Summary: Paul sets before us a worthy goal-which most of us will work on for a lifetime
1. Above reproach 1 Timothy 3:2
This phrase serves as a general summary of all the character qualities a leader should have. The Greek word describes a garment without any "folds." When applied to personal character, it means that leader must be free from any secret or hidden pockets of sins. Said another way, it means that a godly leader is one whose life is such that there is nothing
a detractor can "grab hold of." The Living Bible uses the phrase "a good man whose life cannot be spoken against." Knox says "one with whom no fault can be found." It means that no charge could be brought against such a person that would withstand impartial examination. Leaders are often attacked, their motives questioned, their actions criticized. While
such things do happen, a leader who is truly above reproach will weather the storm because there is nothing about him which a person could say, "Aha! I gotcha." This means no questionable conduct, no secret sins, no deliberately unresolved conflicts.
Lest this seem too discouraging, I should point out that to be "above reproach" describes not perfection, but a model Christian life. We should expect nothing less from our leaders.
2. Blameless Titus 1:6,7
This word comes from the legal realm and carries a slightly different connotation. It means "without indict-ment" or "unaccusable." The difference is this: "Above reproach" means "one who could not be
accused," while "Blameless" means "one who is not accused." Taken together they establish a very high standard of personal conduct.
3. Respectable 1 Timothy 3:2
The Greek word is kosmion--from which we get the English word "cosmos." Its describes a person whose life is well-ordered and well-arranged. Another word might be "dignified." This quality is seen in a leader’s outward behavior-his dress, his manners, his speech, the way he relates to the opposite sex. It touches the way he keeps his home and how he handles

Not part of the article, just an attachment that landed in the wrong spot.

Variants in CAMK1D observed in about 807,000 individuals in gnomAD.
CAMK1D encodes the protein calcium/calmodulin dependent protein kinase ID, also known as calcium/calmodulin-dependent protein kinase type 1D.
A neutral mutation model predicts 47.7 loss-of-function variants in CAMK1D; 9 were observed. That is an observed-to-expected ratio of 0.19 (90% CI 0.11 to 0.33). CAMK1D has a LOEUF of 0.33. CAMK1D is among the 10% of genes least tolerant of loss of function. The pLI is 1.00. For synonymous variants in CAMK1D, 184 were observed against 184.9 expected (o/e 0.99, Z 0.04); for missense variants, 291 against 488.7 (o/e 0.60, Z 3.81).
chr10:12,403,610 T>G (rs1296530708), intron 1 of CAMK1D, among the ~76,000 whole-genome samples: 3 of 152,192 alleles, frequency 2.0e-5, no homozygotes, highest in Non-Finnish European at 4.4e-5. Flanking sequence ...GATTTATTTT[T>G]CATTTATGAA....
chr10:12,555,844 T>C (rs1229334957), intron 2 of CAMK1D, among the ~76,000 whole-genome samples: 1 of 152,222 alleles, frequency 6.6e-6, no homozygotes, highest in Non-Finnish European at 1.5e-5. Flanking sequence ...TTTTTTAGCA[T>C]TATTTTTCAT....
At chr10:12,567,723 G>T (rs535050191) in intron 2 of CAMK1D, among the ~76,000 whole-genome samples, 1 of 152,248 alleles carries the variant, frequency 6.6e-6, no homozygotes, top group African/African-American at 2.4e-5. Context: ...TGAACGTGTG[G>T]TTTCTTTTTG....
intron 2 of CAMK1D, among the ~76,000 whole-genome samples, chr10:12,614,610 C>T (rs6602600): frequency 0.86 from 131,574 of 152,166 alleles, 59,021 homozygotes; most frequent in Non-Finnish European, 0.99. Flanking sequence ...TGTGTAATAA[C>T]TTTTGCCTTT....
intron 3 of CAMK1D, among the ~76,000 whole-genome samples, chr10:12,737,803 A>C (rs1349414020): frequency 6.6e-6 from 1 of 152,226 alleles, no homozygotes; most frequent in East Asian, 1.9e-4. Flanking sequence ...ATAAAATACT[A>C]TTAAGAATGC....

the various affairs of life. It basically describes a person who can keep a dozen balls in the air at one time-without dropping any and without saying, "Hey, look at me!" Such a person can work through difficult
problems with clear thinking. To use an old phrase that sounds sadly out-of-date, a man with this quality is a "Christian gentleman."
Titus 2:9-10 uses another form of this word to encourage slaves to "make
the teaching about God our Savior attractive." Godly leaders should live
in such a way that their life beautifies the gospel. A "respectable"
person makes Jesus beautiful and the gospel attractive to outsiders.
4. Hospitable Titus 1:8
The word literally means a "lover of strangers." We might tend to overlook this quality, but in the early church hospitality was non-negotiable. In those days there were no Holiday Inns or Marriott Hotels where traveling Christians could safely spend the night.
Therefore, if you came to my town, you automatically planned to stay with me and I automatically opened my home to you. The fact that I didn’t know you beforehand wouldn’t matter. If you were a brother in Christ, then my home was your home. In addition, since the early church had no buildings, the believers met in homes. Every church was a house church and